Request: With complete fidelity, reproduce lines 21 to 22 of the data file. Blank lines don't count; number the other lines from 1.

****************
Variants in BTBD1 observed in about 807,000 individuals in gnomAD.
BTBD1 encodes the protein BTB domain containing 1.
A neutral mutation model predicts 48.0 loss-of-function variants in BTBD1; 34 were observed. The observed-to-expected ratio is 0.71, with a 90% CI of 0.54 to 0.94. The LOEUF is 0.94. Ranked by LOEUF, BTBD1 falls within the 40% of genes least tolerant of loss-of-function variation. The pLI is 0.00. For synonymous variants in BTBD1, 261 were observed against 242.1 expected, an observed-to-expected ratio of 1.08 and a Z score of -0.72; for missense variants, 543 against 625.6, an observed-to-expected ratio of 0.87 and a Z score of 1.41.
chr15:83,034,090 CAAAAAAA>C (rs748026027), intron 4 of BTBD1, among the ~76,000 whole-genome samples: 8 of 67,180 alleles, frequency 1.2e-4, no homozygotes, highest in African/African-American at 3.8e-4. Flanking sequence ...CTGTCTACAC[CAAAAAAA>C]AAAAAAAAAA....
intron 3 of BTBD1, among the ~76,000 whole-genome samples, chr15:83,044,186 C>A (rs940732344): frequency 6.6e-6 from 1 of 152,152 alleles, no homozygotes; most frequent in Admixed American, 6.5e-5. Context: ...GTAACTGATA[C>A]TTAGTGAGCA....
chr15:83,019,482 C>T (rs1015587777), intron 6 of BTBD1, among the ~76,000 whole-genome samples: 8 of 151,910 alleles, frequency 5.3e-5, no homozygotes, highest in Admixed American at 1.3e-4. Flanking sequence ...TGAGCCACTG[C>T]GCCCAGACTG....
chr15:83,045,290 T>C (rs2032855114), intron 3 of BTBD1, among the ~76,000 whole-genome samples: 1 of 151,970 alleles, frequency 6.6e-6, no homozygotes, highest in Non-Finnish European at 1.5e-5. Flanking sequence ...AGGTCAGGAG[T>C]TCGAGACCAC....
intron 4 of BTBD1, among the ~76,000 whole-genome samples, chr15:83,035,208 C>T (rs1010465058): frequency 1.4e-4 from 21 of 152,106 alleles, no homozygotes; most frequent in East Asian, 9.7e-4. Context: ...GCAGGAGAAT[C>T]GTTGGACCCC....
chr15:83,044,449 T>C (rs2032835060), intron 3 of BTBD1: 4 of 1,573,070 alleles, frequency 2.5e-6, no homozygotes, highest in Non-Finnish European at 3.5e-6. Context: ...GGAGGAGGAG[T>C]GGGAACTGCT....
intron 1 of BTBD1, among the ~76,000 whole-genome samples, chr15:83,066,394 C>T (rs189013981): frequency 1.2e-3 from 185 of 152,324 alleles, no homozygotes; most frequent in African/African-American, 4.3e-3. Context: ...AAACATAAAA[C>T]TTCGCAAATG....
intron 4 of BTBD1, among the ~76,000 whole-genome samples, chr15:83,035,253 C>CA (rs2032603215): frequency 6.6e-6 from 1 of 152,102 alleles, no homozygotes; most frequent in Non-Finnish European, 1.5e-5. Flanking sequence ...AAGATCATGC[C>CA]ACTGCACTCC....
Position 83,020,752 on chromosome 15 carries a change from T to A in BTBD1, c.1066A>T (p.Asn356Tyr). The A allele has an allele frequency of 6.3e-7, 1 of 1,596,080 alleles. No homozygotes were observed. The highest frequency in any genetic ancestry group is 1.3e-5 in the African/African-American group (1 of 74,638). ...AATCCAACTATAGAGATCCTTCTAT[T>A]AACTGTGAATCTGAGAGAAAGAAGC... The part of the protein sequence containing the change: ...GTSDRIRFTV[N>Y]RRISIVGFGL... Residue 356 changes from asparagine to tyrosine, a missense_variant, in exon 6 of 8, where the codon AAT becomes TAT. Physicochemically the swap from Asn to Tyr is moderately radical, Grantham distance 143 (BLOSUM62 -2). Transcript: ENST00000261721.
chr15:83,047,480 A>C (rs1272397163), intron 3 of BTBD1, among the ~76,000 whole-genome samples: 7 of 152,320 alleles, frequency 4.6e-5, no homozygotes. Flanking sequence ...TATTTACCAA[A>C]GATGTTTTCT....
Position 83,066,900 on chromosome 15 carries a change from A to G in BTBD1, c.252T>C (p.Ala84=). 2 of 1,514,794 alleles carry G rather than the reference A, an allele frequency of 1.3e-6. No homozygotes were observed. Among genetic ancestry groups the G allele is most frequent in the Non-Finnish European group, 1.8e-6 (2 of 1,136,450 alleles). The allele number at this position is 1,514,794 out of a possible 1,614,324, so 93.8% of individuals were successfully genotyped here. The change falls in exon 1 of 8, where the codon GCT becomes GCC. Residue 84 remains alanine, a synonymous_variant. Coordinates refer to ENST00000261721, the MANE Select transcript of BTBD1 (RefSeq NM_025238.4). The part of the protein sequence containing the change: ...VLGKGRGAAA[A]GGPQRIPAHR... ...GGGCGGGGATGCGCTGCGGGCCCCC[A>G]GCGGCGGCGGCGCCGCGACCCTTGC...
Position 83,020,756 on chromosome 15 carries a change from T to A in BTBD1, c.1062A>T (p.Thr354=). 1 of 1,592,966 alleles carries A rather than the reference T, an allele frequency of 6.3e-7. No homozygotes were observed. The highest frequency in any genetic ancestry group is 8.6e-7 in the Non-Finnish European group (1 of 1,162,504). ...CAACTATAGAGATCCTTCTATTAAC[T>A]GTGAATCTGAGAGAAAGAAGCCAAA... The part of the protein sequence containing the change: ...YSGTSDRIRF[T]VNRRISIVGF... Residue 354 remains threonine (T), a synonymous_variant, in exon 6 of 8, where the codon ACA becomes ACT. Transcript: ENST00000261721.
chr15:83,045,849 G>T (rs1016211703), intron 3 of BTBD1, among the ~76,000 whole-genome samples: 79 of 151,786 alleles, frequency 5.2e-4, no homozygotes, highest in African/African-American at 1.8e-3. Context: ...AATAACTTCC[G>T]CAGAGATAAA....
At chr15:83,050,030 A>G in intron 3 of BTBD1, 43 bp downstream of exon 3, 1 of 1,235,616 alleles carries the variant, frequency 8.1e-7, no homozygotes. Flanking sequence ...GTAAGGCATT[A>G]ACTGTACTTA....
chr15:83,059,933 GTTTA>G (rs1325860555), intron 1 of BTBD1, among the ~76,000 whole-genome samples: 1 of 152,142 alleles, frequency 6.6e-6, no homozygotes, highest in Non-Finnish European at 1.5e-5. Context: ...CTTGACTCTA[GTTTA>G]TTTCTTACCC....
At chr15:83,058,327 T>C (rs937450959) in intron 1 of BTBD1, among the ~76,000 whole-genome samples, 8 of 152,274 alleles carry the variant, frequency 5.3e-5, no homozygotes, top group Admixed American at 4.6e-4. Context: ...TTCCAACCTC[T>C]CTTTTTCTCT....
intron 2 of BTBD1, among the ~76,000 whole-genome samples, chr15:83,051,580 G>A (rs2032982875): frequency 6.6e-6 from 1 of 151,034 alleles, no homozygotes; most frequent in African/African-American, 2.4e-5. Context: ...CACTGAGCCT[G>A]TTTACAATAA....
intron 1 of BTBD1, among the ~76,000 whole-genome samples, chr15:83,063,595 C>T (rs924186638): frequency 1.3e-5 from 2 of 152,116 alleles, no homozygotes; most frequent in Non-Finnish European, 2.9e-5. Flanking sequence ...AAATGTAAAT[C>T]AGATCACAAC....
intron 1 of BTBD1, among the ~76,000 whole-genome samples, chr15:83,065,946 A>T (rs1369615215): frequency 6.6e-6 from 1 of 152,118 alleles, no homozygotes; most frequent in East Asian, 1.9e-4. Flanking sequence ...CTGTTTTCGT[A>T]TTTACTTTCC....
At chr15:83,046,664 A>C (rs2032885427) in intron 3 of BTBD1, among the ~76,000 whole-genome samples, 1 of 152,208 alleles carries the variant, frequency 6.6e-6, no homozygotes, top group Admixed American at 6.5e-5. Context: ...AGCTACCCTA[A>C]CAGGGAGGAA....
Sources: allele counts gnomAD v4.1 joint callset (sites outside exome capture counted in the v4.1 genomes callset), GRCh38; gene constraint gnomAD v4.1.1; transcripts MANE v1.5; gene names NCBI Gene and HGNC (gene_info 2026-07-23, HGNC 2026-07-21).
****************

intron 1 of BTBD1, among the ~76,000 whole-genome samples, chr15:83,063,595 C>T (rs924186638): frequency 1.3e-5 from 2 of 152,116 alleles, no homozygotes; most frequent in Non-Finnish European, 2.9e-5. Flanking sequence ...AAATGTAAAT[C>T]AGATCACAAC....
intron 1 of BTBD1, among the ~76,000 whole-genome samples, chr15:83,065,946 A>T (rs1369615215): frequency 6.6e-6 from 1 of 152,118 alleles, no homozygotes; most frequent in East Asian, 1.9e-4. Flanking sequence ...CTGTTTTCGT[A>T]TTTACTTTCC....